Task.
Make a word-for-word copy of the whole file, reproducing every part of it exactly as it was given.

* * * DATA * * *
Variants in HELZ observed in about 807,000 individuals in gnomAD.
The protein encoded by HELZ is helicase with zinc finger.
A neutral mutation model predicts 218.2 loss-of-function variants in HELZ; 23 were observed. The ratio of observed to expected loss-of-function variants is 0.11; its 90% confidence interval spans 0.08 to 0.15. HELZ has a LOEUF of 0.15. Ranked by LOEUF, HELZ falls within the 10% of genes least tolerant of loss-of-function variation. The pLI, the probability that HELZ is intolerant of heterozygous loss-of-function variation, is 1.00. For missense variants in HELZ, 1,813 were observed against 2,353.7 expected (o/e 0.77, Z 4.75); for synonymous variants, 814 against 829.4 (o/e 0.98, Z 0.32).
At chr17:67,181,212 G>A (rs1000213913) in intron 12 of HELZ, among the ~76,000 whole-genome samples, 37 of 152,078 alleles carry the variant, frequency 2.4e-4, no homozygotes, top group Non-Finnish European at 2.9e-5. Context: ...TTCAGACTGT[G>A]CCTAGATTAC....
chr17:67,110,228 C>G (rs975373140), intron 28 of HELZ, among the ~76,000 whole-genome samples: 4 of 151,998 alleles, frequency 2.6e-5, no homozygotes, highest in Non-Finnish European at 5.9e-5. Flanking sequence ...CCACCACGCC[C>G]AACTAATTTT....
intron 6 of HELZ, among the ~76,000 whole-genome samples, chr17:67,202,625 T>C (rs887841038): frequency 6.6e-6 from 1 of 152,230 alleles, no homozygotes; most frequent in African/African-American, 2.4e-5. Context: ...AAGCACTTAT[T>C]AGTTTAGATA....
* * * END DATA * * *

Variants in HELZ observed in about 807,000 individuals in gnomAD.
The protein encoded by HELZ is helicase with zinc finger.
A neutral mutation model predicts 218.2 loss-of-function variants in HELZ; 23 were observed. The ratio of observed to expected loss-of-function variants is 0.11; its 90% confidence interval spans 0.08 to 0.15. HELZ has a LOEUF of 0.15. Ranked by LOEUF, HELZ falls within the 10% of genes least tolerant of loss-of-function variation. The pLI, the probability that HELZ is intolerant of heterozygous loss-of-function variation, is 1.00. For missense variants in HELZ, 1,813 were observed against 2,353.7 expected (o/e 0.77, Z 4.75); for synonymous variants, 814 against 829.4 (o/e 0.98, Z 0.32).
At chr17:67,181,212 G>A (rs1000213913) in intron 12 of HELZ, among the ~76,000 whole-genome samples, 37 of 152,078 alleles carry the variant, frequency 2.4e-4, no homozygotes, top group Non-Finnish European at 2.9e-5. Context: ...TTCAGACTGT[G>A]CCTAGATTAC....
chr17:67,110,228 C>G (rs975373140), intron 28 of HELZ, among the ~76,000 whole-genome samples: 4 of 151,998 alleles, frequency 2.6e-5, no homozygotes, highest in Non-Finnish European at 5.9e-5. Flanking sequence ...CCACCACGCC[C>G]AACTAATTTT....
intron 6 of HELZ, among the ~76,000 whole-genome samples, chr17:67,202,625 T>C (rs887841038): frequency 6.6e-6 from 1 of 152,230 alleles, no homozygotes; most frequent in African/African-American, 2.4e-5. Context: ...AAGCACTTAT[T>C]AGTTTAGATA....